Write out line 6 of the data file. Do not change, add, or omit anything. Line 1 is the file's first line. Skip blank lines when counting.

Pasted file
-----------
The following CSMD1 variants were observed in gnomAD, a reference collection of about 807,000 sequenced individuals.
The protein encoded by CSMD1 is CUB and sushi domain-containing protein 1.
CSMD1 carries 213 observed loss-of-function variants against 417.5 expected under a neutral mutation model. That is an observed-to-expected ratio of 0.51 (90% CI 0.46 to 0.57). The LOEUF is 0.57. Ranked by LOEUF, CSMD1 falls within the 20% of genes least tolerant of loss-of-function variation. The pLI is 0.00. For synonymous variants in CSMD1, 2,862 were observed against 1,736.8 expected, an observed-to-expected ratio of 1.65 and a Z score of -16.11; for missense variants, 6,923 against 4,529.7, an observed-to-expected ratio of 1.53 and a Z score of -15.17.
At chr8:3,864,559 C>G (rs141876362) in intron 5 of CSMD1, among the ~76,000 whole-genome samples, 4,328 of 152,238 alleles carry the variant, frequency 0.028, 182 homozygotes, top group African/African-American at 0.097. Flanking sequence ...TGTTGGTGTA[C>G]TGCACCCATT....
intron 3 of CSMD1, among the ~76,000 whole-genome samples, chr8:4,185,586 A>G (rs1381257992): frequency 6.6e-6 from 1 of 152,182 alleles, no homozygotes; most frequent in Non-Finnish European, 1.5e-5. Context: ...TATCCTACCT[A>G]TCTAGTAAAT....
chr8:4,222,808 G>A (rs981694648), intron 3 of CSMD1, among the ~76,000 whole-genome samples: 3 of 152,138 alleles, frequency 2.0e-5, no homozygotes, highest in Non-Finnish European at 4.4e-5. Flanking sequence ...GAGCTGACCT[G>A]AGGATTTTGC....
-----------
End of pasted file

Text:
chr8:4,222,808 G>A (rs981694648), intron 3 of CSMD1, among the ~76,000 whole-genome samples: 3 of 152,138 alleles, frequency 2.0e-5, no homozygotes, highest in Non-Finnish European at 4.4e-5. Flanking sequence ...GAGCTGACCT[G>A]AGGATTTTGC....